Jump to content

Definition: Country Music


Mike
 Share

Recommended Posts

That?s a difficult question. The answer used to be cut and dried?if you are singing about your woman (or man) leaving you or cheating on you, your dog dying, drinking a beer, or driving your truck (sometimes all at the same time!), that was country. But the line has become so blurry, it?s hard to tell these days. Shania Twain and Faith Hill are two country stars that have crossed over to pop. I know that some Eagles songs are considered country, but I think of the group as rock. Basically, I have not answered your question, because I haven't quite figured it out myself. So sorry, Pink. :P Perhaps someone else has the answer!

Link to comment
Share on other sites

Peaches, you got it! It was not a "cut and dried" question either, I like to just toss "idea-questions" out to see (read) what peoples take is on them! Most the question I like to ask have no "real" answer, only "perspectives" --I like peoples perspectives, even if I don't agree!!

Link to comment
Share on other sites

Hank Williams, Sr. by my definition is country. I think you actually have to work on a farm, milk a cow, lose a crop to rain, and endure real hardship in order for it to be 'real' country.

Shania's biggest hardship is a broken fingernail.

Ken.

Link to comment
Share on other sites

I used to always think of country singers as those who have that distinctive twangy/gravely sound. Hard to describe...Garth Brooks, The Dixie Chicks and Dolly Parton are good examples. It is a narrow definition & definitely doesn't cover everybody, especially nowadays. ;)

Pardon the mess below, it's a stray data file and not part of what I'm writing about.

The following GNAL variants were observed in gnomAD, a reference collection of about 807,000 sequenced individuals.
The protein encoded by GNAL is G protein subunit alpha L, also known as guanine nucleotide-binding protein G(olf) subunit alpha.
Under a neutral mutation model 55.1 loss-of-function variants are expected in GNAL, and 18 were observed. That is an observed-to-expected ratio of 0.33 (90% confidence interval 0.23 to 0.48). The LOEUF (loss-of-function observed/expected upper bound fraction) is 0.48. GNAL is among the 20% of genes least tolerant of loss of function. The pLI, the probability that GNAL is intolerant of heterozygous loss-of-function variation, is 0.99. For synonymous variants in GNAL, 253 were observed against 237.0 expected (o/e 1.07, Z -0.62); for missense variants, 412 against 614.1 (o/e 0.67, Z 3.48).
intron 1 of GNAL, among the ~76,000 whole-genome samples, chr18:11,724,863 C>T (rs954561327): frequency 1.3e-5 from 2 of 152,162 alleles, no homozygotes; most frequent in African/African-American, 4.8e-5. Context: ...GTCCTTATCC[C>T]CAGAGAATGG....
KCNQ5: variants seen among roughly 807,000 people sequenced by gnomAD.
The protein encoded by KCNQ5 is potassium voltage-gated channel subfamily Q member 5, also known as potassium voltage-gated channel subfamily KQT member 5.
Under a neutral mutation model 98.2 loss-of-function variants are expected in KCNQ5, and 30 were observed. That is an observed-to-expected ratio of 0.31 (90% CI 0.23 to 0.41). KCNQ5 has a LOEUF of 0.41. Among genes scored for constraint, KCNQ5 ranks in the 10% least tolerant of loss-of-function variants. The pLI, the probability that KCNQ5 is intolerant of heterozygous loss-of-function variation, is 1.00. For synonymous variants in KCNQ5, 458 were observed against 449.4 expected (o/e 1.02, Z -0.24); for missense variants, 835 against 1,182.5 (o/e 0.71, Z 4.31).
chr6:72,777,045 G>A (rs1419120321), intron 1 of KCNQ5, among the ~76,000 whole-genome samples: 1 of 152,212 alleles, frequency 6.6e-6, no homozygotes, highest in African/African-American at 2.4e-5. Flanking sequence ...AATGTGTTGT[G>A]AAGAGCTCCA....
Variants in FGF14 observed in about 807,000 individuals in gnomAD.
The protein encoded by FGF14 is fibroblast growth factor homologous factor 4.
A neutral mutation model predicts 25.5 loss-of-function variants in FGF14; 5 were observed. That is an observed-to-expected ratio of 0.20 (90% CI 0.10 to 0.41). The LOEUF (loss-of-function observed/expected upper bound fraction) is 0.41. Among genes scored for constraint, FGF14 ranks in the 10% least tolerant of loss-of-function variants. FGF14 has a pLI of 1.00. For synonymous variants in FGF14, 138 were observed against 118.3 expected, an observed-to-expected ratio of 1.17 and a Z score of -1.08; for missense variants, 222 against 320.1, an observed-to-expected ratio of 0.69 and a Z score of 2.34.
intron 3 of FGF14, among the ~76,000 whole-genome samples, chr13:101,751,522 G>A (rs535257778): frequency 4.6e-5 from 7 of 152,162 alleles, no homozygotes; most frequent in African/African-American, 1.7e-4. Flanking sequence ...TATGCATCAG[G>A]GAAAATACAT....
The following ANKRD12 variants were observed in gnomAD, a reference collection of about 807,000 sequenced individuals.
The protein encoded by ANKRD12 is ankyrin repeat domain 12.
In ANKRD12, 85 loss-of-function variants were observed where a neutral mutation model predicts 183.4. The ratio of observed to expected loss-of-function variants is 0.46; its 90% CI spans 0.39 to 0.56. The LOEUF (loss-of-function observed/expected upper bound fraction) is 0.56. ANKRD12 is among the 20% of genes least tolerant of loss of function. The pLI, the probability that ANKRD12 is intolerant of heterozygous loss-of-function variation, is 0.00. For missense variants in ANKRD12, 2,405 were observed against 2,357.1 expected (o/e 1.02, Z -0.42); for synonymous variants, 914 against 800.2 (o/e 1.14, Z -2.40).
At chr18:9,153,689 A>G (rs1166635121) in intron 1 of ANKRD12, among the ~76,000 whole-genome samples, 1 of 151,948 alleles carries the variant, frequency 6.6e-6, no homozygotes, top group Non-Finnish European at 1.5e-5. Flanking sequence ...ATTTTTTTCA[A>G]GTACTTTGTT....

Link to comment
Share on other sites

  • 2 weeks later...

Hard to say. Country derives, in part, from fiddle tunes that, in some cases, date back to the time of Thomas Jefferson. Its lyrics derive from pop songs of the latter 19th century such as, "Where Is My Wandering Boy Tonight," "A Picture from Life's Other Side," "The Vacant Chair" (1861), "Father's a Drunkard and Mother Is Dead" (1866), "Life's Railway to Heaven," "My Mother's Bible," and so on. Plus, any number of ballads from the late 1800s and early 1900s re dying children, young mothers dying on trains ("In the Baggage Car Ahead"), murdered pregnant women, and similarly cheerful subjects.

And there's the cowboy-song aspect, which sort of went out with Gene Autry, Roy Rogers, and Eddie Dean.

And you have a connection to Sacred Harp, a.k.a shape-note, singing in the South during the Civil War and post-Civil-War period. Complicated!!

My theory is that what we call Country music was, in the not-too-distant past, simply pop music. It was part of the popular music environment of its time and, as such, didn't stand out. But that would have been quite some time ago, so who's to say?

Link to comment
Share on other sites

Believe it or not, there is a fine line between country and blues. The "father" of country music, Hank Williams, was taught how to play the guitar by a great blues guitarist(I forgot his name help me if you can). And the banjo is derivitave from an stringed instrument that was played in africa centuries ago. :guitar:

Link to comment
Share on other sites

It's like that definition of porn, "I know it when I hear it". I also have a physical reaction. First my hands start to feel restless, then muscles tense up, my face feels flushed, sometimes I bite my tongue or the sides of my mouth, my legs sometimes quiver. All of this happens in a matter of seconds. If the music isn't changed or turned off, real physical pain starts to occur. These symptoms go away in less than a minute and I'm left trying to catch my breath. My heartrate doesn't slow down for several minutes after the music is gone.

Link to comment
Share on other sites

Please sign in to comment

You will be able to leave a comment after signing in



Sign In Now
 Share

×
×
  • Create New...